Before they came to America to live, the English and Dutch people were great sailors and traders. If they heard of anything they wanted, in far-away lands, they sailed away in stout ships to get it. As soon as they had a few seaport towns in America, they built sailing vessels. They needed some things that they could not buy in England and Holland.

They needed oil for lamps. They had no gas. They had no electric lights that you turn on with little black buttons. They did not even have kerosene oil. They had only candles of tallow and wax, and not enough of those. In one place there was plenty of oil. Strong, brave men could go and get it without paying money. It was in the ocean. Would you ever think of looking for oil in the water?

The oil ships sailed north into cold, dark, stormy seas. Even in summer icebergs were all around them. The sun shone, day and night. It went 'round and 'round the sky in wide circles. Polar bears were on the ice. Swimming, yellow seal barked like dogs. Walrus showed their ivory tusks. Millions of eider ducks nested on the rocky shores. Whales spouted water when they came up to breathe. The oil ships had come for the whales. Under its rubbery skin the whale was wrapped in a thick blanket of fat. When it was melted this whale blubber made good oil for lamps.

The whaling ships had to hurry to get back home before winter. In the far north it was night all the time, in the winter. The sun did not shine at all. The ocean froze over. Sometimes the sailors staid too long and their ships froze fast, in the ice.

When this happened the sailors had to go on the land to live. The land was all ice and snow too, but there were people and warm houses. A village looked very queer. It was only a lot of dome-shaped mounds of snow. Rough dogs ran from low holes in the snow huts. They made such a noise that little furry heads popped out of the holes, too. If it had not been for their fat, human faces, the sailors might have thought these children were polar bear cubs. They were Es-qui-mos, a kind of small, brown Indians. They were good-natured and friendly. It was so cold that they had to wear the skins of animals. They had soft, warm stockings of eider duck skin, with the down inside. Their polar bear skin jumpers had hoods. Their high boots were of reindeer skin. Es-qui-mo children were as warm and brown and greasy as buttered toast.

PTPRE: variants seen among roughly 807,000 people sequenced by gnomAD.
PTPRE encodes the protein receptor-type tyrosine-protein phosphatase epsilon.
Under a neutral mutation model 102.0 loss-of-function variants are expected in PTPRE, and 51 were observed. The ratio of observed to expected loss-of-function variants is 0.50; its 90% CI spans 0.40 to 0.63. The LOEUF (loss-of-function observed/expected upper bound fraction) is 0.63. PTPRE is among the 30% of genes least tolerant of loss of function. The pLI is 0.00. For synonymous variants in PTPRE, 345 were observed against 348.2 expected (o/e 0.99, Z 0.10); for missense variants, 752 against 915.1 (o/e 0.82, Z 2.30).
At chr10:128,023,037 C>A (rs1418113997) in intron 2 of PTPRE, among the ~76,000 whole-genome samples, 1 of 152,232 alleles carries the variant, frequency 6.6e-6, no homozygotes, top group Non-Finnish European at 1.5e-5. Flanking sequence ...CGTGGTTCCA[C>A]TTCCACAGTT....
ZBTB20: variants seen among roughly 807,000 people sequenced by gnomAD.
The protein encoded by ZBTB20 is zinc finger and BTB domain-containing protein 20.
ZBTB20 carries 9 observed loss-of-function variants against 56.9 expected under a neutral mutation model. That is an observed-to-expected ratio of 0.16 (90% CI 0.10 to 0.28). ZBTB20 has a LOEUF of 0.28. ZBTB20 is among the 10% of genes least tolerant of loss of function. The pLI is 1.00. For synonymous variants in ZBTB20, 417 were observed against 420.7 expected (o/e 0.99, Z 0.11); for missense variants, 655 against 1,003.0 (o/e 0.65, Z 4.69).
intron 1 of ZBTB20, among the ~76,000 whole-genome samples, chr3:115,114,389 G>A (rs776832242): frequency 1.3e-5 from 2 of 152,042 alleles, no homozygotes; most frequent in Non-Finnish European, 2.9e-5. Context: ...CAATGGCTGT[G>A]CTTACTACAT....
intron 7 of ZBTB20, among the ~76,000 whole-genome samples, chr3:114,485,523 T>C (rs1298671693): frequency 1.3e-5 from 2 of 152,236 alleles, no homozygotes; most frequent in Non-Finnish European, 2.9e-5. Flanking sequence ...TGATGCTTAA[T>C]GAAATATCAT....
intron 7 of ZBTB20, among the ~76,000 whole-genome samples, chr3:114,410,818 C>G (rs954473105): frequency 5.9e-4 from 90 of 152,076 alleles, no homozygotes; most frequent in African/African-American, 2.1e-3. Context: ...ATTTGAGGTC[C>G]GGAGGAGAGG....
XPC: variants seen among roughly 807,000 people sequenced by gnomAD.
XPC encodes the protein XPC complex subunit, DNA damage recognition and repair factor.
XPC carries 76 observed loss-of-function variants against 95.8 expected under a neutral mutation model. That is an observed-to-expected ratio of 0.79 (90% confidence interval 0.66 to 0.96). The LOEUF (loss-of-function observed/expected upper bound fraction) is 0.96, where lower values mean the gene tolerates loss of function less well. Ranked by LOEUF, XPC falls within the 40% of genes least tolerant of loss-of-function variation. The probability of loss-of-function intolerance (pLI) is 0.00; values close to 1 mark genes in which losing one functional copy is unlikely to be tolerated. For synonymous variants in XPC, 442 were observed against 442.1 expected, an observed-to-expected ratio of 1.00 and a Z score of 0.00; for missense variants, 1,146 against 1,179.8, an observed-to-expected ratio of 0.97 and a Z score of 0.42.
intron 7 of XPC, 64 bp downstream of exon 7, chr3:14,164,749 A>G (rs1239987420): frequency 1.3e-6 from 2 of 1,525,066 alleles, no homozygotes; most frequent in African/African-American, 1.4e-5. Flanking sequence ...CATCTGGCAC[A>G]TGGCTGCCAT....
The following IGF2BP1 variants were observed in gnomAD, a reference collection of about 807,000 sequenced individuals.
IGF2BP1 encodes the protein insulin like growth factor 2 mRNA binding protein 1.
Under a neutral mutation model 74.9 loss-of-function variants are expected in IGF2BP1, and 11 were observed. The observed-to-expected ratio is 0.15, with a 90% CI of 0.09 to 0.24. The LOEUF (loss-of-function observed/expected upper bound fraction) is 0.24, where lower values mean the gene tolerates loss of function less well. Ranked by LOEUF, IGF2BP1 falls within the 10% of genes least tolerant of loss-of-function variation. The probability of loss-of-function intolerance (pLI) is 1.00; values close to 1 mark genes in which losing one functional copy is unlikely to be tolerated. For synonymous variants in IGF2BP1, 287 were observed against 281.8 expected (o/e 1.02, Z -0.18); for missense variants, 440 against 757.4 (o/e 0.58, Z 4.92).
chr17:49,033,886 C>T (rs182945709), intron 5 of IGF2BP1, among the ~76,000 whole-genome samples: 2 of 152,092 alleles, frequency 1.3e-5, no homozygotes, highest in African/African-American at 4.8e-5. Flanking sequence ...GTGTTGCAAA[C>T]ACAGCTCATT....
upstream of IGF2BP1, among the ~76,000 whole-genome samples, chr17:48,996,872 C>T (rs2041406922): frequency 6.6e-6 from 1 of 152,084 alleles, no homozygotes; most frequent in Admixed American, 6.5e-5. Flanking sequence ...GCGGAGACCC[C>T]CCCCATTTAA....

The children showed the white visitors the way into the house. They stooped at the low hole and slid down a toboggan tunnel. They climbed into the middle of the house through a cellar door in the floor. This was a clever way to let people in and keep the wind out, wasn't it? The house was built in a pit, of drift wood. Wrecked ships and uprooted trees floated to them from far-away lands. The frame work was covered with sod and moss. Snow fell thick on the house and froze solid.

An Es-qui-mo house had no windows, not even a hole for the smoke to go out. A bench around the wall made a table, a bed, and seats for just as many men, women, babies and dogs as could crowd into the hut. They could hardly see each other for the smoke. The hut was warmed and lighted by earthen lamps that hung from the ceiling. These had moss wicks and burned walrus fat. Over the lamps meat was cooked in earthen pots.

Ice-bound sailors often had to live with the Es-qui-mos all winter. They went hunting with the men. The stout dogs pulled the hunters on sleds made of animal bones. They killed seal and walrus and bears, with long spears called harpoons. It was not as dark as you would think. The stars and moon shone on a white, frozen world. Sometimes there were lights brighter than our sunsets; more wonderful than Fourth of July fire-works. They played all around the midnight sky in colored flames. They formed columns and crowns, curtains and banners. Ask mama to turn back to Volume I, page 140, and read to you about the Aurora Borealis.

When the sun came back and the ice broke up, the whalers went home with a ship load of oil in barrels. Their friends thought they were lost in the icy seas. When, they were old men they sat in the bright light of whale-oil lamps and told stories of their adventures. The white children never grew tired of hearing about Agh-a-ni-to and Ny-ack, who lived in a snow house and dressed like polar bears. See Eskimo, page 626.